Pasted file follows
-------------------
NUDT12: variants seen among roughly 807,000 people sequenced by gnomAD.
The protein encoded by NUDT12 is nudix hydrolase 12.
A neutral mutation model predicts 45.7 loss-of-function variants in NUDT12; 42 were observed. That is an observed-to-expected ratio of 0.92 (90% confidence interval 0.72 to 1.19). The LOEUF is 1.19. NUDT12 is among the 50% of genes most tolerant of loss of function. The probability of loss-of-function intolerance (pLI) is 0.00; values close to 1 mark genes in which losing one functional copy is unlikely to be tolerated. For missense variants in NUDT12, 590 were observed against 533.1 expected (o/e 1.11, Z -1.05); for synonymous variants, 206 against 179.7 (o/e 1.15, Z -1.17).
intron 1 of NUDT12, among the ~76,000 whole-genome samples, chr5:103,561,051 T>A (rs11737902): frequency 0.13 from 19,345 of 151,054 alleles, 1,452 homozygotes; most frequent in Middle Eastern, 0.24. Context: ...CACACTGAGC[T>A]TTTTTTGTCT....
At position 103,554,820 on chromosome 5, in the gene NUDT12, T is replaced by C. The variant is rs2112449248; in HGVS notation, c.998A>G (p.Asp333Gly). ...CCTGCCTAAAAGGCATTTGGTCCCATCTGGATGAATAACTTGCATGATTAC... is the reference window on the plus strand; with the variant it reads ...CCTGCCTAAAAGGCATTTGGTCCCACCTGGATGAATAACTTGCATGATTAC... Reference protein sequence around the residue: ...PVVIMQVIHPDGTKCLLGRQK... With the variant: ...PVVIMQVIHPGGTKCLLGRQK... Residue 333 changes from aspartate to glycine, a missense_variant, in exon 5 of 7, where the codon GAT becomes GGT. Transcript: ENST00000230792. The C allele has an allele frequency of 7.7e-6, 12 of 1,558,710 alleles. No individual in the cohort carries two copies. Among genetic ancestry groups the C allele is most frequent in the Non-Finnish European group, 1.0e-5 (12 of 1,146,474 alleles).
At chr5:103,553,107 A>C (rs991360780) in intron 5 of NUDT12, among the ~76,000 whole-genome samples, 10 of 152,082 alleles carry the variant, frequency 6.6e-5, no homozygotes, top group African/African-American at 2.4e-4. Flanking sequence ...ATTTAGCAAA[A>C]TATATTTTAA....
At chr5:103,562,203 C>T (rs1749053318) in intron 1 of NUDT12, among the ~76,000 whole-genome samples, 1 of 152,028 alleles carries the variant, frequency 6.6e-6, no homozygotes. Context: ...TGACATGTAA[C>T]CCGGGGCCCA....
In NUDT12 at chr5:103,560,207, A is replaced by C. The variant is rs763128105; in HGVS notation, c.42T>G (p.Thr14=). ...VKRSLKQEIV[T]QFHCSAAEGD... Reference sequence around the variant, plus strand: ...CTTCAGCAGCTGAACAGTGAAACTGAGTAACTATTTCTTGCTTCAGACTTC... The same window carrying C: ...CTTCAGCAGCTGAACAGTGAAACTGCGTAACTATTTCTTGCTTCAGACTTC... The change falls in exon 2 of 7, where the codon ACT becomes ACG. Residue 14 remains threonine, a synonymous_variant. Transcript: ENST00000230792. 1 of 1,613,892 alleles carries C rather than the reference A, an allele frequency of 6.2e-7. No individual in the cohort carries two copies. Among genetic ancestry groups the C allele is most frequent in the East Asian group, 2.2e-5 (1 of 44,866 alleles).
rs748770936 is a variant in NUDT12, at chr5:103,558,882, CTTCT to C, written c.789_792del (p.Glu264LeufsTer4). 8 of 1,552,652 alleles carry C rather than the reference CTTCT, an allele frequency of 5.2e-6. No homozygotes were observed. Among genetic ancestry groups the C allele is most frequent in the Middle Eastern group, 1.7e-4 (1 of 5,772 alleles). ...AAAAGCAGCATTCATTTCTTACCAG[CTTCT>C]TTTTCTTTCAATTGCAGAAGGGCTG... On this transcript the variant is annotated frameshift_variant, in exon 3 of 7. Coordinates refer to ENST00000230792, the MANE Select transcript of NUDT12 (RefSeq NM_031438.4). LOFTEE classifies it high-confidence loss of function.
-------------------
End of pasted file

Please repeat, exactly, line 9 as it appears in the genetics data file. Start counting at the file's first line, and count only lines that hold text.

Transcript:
rs748770936 is a variant in NUDT12, at chr5:103,558,882, CTTCT to C, written c.789_792del (p.Glu264LeufsTer4). 8 of 1,552,652 alleles carry C rather than the reference CTTCT, an allele frequency of 5.2e-6. No homozygotes were observed. Among genetic ancestry groups the C allele is most frequent in the Middle Eastern group, 1.7e-4 (1 of 5,772 alleles). ...AAAAGCAGCATTCATTTCTTACCAG[CTTCT>C]TTTTCTTTCAATTGCAGAAGGGCTG... On this transcript the variant is annotated frameshift_variant, in exon 3 of 7. Coordinates refer to ENST00000230792, the MANE Select transcript of NUDT12 (RefSeq NM_031438.4). LOFTEE classifies it high-confidence loss of function.